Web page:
As I blog, I can examine what's working or not, and maybe resolve some of the issues that my students and I will face this in this school year. I am expecting great things in 2006-2007 with my terrific kids -- the class from heaven!!!!
Congrats on your first week and on your first blog!! I share the same goal as you-- to blog at least about once a week. I haven't started school yet, so I've been doing more than that. I'm going to bookmark your blog on My Page.
BTW: Your class is so lucky to have you! Your science lesson sounds great... there is NEVER a lesson I teach that I couldn't have structured differently in some way, but the kids learn and more importatnly, and love of learning is fostered through these types of engaging lessons!
question: You said that you give very little homework, which is refreshing. In my school, I feel somewhat pressured (but not really BY anyone) into giving what I feel is too much hw for first grade. It's only 20 minutes, but I still don't really see a point except that it prepares them to do homework in 2nd grade. Fourth grade in our school has a LOAD of homework. Today on NPR there was an interview with Alphie Kohn who just wrote a new book about Homework Myths and it's all about how hw is basically not good for anything! (Note: I'm not talking about reading for pleasure!) He really convinced me- although, he always does. I like most of his philosophies. What do you think?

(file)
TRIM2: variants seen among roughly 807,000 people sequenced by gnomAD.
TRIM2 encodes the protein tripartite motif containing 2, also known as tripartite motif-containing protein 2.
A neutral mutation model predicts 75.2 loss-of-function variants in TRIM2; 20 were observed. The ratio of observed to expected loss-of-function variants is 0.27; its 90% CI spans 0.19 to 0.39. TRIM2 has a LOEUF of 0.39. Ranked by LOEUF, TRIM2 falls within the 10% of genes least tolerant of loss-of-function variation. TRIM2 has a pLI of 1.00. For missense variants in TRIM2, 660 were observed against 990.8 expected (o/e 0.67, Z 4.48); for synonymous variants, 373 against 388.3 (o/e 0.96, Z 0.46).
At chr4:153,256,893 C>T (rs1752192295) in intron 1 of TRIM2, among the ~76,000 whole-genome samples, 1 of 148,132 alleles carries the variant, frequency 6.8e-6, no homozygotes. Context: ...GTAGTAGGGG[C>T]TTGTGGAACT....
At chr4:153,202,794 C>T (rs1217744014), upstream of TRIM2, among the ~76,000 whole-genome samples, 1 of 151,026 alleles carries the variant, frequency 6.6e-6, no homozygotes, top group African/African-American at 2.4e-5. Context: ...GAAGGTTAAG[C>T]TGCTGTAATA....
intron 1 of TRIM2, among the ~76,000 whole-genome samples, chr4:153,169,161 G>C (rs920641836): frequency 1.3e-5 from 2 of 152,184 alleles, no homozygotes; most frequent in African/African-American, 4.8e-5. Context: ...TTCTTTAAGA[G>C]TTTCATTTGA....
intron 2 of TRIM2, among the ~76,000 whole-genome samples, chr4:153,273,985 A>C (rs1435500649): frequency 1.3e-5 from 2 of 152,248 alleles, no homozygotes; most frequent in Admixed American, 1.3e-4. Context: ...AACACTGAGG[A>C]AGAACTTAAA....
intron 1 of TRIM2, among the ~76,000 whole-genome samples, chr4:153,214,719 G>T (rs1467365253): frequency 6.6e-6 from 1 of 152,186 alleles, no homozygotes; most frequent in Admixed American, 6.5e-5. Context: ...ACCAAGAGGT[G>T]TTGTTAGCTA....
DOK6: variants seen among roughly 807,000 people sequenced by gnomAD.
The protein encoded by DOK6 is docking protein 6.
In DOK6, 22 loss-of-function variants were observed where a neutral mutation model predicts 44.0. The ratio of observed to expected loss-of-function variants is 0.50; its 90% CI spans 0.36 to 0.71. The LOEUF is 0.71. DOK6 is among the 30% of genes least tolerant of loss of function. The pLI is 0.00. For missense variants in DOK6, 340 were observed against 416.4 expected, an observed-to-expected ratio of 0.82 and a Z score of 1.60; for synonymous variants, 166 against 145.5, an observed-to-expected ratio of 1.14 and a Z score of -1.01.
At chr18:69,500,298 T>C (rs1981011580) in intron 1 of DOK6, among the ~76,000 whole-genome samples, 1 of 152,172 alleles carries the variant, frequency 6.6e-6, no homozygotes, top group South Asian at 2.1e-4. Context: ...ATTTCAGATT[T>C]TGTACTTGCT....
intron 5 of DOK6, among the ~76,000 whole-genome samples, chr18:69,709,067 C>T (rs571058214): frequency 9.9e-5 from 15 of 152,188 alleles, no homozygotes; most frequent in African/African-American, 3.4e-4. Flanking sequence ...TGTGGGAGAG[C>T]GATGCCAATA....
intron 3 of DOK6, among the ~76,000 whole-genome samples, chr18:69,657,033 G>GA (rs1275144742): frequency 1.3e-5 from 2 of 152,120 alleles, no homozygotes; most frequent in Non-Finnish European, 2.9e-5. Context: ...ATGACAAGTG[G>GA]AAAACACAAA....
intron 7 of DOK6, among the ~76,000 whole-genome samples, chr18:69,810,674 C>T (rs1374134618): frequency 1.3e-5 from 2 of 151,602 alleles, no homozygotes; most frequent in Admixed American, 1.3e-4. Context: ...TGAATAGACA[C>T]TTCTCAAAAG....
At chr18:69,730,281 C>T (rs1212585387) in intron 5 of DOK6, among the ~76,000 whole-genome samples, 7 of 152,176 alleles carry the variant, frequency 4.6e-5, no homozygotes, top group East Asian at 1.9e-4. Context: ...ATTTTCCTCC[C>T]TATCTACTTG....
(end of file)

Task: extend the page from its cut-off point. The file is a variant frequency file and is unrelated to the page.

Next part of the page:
Our first day with students is September 5th. I am getting more and more excited about the first week of school, as my room is slowly coming together. (I've been working on prepping it everyday this week!)
I'm so glad to hear that your first week went so well! There is nothing like a great opening to set the tone and pace for a great year!